As your Department has informed me some weeks ago of the unfortunate death of my son (C. J. Sweeney) and he has a few belongings (horses, jinker etc) will you kindly do me a favour by letting me know if there is a will and whose duty it is to administer. I consider it is mine but I ask you as a special favour to let me know at your earliest convenience all particulars and you will confer a very great favour on
Yours truly
P. Sweeney
Father of the late C. J. Sweeney

There is no record of the response from Base Records and the father eventually employed the services of B P Johnson, one of the local solicitors, to manage the business of the will. The will left …the whole of my property and effects to my Mother & two sisters.

Surprisingly, there is no record of any personal kit being returned to the family.

There was no grave and Private Sweeney’s name appears on the Villers-Bretonneux memorial.

On Anzac Day 1918, there was a commemoration held at Yarram State School and one of the returned soldiers who was there that day, as a former student, was Trooper W H Sweeney. It was just over one year since his second brother had been killed on active service at Bullecourt and about two and a half years since his first brother had been killed at Gallipoli. Much was made in the speeches that day about the sacrifices made by families, like his, where so many sons had enlisted. As much was made of the idea that the ‘spirit of Anzac’ was ‘self sacrifice’ and  that, as Rev C. J. Walklate put it, … the 25th April three years ago was the beginning of Australian history. Sentiments like these were meant to comfort those families, like this one branch of the Sweeney family, where the losses had been so devastating.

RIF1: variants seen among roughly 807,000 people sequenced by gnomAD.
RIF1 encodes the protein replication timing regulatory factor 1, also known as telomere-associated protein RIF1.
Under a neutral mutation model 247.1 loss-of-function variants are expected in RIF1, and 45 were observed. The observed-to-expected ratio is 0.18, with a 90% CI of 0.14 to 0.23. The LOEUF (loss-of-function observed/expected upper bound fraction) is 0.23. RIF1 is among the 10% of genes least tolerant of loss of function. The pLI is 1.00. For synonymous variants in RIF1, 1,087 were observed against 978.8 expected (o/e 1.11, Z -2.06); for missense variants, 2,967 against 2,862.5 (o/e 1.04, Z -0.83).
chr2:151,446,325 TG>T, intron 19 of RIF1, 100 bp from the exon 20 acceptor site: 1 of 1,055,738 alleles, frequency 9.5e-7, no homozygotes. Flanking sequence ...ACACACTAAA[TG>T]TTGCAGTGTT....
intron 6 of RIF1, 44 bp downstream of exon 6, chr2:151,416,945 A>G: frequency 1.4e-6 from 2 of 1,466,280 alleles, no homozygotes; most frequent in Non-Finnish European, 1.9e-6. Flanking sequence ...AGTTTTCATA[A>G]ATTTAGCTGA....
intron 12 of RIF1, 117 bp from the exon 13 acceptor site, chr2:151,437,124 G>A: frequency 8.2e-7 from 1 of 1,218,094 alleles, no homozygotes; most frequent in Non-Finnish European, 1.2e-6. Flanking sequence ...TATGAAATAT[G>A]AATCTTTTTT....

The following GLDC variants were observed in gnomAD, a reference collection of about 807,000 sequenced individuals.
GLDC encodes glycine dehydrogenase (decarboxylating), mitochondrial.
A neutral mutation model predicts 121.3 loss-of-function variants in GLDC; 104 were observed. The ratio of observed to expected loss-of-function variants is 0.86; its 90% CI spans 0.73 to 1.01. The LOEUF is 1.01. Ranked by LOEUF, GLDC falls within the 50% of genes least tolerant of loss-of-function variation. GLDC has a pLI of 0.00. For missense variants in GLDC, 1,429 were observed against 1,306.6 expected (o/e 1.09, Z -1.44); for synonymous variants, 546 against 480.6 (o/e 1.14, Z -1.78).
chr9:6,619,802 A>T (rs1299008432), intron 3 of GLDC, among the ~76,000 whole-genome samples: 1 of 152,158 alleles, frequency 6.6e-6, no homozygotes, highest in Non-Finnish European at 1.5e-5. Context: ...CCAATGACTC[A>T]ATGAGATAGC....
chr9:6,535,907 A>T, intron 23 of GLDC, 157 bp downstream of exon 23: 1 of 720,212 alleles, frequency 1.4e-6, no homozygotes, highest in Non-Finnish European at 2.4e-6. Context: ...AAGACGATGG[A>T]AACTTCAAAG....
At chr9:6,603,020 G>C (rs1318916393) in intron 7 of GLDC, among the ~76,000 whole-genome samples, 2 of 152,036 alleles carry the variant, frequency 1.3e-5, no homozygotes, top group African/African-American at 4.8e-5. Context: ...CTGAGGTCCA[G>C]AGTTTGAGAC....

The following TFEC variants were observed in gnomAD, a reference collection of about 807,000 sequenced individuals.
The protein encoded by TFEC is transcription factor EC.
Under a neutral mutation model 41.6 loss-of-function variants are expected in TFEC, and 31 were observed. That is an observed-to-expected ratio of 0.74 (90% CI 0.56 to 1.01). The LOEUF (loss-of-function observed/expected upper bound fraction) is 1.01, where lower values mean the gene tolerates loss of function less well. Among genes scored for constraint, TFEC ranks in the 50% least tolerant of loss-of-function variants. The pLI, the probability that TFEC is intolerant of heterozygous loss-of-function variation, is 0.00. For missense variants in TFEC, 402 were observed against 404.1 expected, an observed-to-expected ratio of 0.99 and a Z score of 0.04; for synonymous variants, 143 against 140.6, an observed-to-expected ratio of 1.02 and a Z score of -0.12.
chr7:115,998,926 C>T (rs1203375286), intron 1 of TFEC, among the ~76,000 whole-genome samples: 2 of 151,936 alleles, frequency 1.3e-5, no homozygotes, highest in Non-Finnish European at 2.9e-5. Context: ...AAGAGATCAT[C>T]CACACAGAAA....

References

Gippsland Standard and Alberton Shire Representative

O’Callaghan G (Comp) 2006, Clonmel to Federation: Guide to people in the Port Albert area 1841-1901, Vol 3, The Alberton Project

National Archives file for SWEENEY Cornelius James 1449
Roll of Honour: Cornelius James Sweeney
First World War Embarkation Rolls: Cornelius James Sweeney
Red Cross Wounded and Missing file: Cornelius James Sweeney

112. H M Raymond

Harold McCheyne RAYMOND (2675)
12 Battalion   KIA 9/4/1917

Harold McCheyne Raymond was born in the Melbourne suburb of Brighton. He attended Melbourne Church of England Grammar School [Melbourne Grammar School] and Geelong College. As a boy and young man, he had no contact with the Shire of Alberton and his father gave Melbourne as the location with which his son was ‘chiefly connected’. Harold Raymond’s name is not recorded on any memorial in the Shire of Alberton. However, there was a very strong indirect connection to the local area because Harold Raymond was the son of Reverend Arthur Rufus Raymond who, between January 1917 and October 1918, was the Church of England minister in Yarram.